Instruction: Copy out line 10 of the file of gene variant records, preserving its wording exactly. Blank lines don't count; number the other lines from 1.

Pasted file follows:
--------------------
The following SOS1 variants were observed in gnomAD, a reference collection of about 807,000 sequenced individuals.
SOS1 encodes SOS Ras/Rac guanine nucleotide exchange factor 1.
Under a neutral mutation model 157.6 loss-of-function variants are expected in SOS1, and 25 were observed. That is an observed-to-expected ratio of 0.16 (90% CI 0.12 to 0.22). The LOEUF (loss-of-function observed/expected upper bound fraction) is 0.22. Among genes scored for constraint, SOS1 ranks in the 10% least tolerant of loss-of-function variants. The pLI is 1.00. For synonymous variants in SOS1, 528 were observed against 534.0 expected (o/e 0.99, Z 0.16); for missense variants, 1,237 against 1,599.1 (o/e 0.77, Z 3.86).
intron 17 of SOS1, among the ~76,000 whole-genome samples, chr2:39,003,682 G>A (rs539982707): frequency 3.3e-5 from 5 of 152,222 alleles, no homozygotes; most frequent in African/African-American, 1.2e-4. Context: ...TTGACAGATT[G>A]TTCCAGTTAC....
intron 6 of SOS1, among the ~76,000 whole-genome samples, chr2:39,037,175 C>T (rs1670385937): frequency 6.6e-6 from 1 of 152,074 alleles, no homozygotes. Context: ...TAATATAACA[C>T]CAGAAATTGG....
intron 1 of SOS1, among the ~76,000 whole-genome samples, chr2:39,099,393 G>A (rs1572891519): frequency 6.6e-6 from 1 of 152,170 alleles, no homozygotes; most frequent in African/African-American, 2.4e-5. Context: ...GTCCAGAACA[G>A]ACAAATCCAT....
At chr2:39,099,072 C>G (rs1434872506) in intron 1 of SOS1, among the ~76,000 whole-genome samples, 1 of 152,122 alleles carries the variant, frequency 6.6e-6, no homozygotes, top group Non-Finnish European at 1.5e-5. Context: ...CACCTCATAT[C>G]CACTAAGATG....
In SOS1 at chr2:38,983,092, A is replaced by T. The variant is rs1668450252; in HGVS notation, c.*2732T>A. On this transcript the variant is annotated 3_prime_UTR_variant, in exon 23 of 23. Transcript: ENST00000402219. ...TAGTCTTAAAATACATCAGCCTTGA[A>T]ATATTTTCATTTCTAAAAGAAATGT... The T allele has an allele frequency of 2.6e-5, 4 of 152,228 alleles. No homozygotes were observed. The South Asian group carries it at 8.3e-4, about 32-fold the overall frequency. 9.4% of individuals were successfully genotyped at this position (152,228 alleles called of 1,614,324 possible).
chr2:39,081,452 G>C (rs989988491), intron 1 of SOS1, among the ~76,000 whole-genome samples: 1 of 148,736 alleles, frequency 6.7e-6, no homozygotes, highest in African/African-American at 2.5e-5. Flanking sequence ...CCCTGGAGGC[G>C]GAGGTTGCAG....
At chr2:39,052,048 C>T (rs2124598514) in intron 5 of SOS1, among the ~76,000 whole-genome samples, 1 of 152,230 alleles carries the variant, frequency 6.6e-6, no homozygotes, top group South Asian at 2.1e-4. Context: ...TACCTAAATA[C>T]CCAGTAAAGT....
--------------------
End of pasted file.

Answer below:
At chr2:39,052,048 C>T (rs2124598514) in intron 5 of SOS1, among the ~76,000 whole-genome samples, 1 of 152,230 alleles carries the variant, frequency 6.6e-6, no homozygotes, top group South Asian at 2.1e-4. Context: ...TACCTAAATA[C>T]CCAGTAAAGT....